Help a lever newbie out? La Pavoni Pro? Wait for an Argos? A Vectis? Or, or...? - Page 2

Recommendations for buyers and upgraders from the site's members.

#11: Post by Tjyven »

Maybe you should take a look at the ACS Evo Leva also, think that machine and Vostok and Nurri will give about identical result in the cup. If you can buy directly from ACS I think you can get a much better price than for the Nurri.

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#12: Post by Jeff »

Arrarex gaskets and baskets are "readily" available. Brooks is one supplier (there are threads here). A PID is up to you. A thermometer works too. If you don't want to deal with a step-up transformer you can boil water and the 230 V element on 120 V has enough to hold it. I don't know what you're looking for. If you think a PID is essential to make espresso, I'd avoid classic levers, and probably most contemporary ones as well. If you're looking for an espresso experience that relies more on art than science, then maybe a classic lever is something to consider. They are all different. They all have their advantages and disadvantages. Things as simple as the shape of the basket can change the flavor profile of the espresso it produces.

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#13: Post by drgary »

I have a version 1.0 Caravel with temp sensor in the tank connected to a PID. These have great build quality. And although they look very vintage, their design is very innovative, including the ability to do much disassembly without tools. I boil water on my stove and fill the tank and wait 10 minutes until it's ready. The advantage you get is becoming familiar with the analog experience of the lever pull, and you get these delicious and consistent shots of nectar.

OK. You probably also know that I have a Conti Prestina on a PID. It's my daily driver. And although it's a spring lever, it's very consistent for tuning shots and has commercial steaming power. I start it on a timer and it's ready when I get up. Can't be beat. There are many other new levers, including the current Conti one group lever. But it doesn't look steampunk like my Prestina. It has tactile feel too, which you get if you've ground a bit too coarse or otherwise have a fast shot and hold back the lever.
And ... I reviewed the Ponte Vecchio Export. The build was a bit off center but I hear they've improved. It has great spring power and pulls a rich shot and steams well. Get a used one and re-sell.

And then ... a kitted out La Pavoni is pretty good. But I don't like a base that can rust or that flexes with the pull and would stay away from anything but chrome. I like the very early models because they are so solid and wonderfully old fashioned technology. You control brew pressure by adjusting the venting. I just give plenty of the time for the group to fill and start dripping and then do nice pulls. I always have a way to measure temp at the group and use half double pumps to bring it up to temp. The high/low power gives strong steaming power but then it takes awhile to cool the brew group, so pull your shots first.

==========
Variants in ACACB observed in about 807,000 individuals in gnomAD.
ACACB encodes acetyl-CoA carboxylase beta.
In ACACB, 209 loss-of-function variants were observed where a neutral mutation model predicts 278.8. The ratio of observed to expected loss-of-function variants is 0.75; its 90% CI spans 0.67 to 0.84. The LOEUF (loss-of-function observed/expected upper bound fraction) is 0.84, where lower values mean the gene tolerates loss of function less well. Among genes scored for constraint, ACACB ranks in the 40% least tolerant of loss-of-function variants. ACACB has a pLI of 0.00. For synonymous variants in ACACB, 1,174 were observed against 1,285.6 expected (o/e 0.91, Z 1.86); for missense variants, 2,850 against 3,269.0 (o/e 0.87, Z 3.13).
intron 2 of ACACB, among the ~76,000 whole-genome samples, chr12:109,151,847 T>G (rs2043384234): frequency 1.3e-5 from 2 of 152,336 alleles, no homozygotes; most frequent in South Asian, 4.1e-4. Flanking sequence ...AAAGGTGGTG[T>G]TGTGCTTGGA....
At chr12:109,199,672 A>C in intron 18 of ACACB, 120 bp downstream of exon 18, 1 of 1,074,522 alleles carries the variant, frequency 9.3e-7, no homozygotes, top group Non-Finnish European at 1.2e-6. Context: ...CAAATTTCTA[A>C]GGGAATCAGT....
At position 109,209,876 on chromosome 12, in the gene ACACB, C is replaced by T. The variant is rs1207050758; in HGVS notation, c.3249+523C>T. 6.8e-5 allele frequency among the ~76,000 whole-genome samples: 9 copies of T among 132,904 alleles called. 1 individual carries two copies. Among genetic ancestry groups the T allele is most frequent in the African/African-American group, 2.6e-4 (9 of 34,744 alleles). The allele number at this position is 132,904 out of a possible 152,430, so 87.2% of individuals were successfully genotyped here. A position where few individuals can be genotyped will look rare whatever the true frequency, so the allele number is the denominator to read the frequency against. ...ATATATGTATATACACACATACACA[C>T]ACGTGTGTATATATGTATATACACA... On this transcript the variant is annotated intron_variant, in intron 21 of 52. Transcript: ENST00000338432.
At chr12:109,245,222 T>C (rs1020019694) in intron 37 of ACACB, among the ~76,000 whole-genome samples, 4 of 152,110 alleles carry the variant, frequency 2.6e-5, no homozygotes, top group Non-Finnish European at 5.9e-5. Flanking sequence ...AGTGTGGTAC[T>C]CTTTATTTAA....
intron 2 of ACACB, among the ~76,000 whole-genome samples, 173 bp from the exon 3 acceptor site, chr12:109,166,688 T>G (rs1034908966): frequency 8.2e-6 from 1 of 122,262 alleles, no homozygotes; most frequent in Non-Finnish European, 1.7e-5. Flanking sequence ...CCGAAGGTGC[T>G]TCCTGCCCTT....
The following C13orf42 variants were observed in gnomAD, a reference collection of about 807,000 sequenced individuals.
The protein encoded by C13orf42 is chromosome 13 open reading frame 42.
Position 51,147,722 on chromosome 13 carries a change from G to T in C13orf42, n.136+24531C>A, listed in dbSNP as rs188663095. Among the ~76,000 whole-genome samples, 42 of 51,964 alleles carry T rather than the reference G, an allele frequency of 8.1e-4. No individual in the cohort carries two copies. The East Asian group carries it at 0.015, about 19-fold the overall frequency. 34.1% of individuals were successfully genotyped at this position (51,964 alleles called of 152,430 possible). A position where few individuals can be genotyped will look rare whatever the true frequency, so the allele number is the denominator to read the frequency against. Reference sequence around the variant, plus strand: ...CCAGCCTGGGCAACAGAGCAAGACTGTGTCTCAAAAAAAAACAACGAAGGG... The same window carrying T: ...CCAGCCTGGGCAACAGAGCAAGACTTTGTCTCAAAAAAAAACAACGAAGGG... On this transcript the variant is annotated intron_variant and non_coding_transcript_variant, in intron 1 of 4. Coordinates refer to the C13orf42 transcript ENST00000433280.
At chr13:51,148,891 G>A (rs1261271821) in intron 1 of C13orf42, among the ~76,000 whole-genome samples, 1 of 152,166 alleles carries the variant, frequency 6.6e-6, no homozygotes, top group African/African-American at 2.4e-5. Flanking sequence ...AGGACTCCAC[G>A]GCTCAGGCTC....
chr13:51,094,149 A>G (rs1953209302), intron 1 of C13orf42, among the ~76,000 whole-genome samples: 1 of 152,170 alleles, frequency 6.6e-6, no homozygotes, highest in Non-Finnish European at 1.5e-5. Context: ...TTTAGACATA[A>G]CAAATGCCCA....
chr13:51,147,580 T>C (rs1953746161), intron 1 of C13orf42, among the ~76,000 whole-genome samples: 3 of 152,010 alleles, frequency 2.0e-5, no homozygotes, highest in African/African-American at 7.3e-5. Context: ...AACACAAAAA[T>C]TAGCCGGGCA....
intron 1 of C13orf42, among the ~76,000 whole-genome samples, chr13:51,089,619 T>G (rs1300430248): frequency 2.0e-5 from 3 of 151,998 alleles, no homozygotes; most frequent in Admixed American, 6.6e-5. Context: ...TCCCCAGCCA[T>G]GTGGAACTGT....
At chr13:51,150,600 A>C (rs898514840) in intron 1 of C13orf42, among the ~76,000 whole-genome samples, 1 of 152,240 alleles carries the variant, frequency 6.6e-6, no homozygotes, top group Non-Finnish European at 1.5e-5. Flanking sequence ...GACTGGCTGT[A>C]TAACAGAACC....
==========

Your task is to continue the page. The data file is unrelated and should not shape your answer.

And of course the Cremina would be great once you have it fixed and tuned. Being a DIY guy, you'll find that satisfying. I have a vintage one made of parts from many machines. It's consistent and a classic and you'll be able to re-sell it easily.

If you want a working shot puller now, get a Robot. Warmup time is how long it takes to boil water. Build quality is like a La Pavoni first series or a Cremina. If you're in a hurry, you can have consistently excellent shots with it, including light roasts. People are all over pre-heating but some light roast aficionados dial back temperature to avoid astringency with the Niche Zero, which is my grinder, too, or at least my daily driver grinder.

I saw the Odyssey Argos and would wait to let them work out the kinks. It didn't seem to have the satisfying heavy build of a Robot or Cremina or early La Pavoni or Caravel, but I might feel differently if I get to try one.

A CT2 would be great and you probably wouldn't sell it. BTW, getting any of these levers and then getting your dream machine would probably stack one cost on top of another because they grow on you like pets.

What I WOULD do for a good cup of coffee!

Accidemic627 (original poster)

#14: Post by Accidemic627 (original poster) »

Jeff, you're right... I'm definitely falling prey to some serious mission creep here. PID + vintage manual lever: kinda silly, and not actually what I'm after as a first wade into the lever world. What I'm looking for is some tactile, hands-on experience with a more or less classic or classic style lever, but one that won't completely break the bank.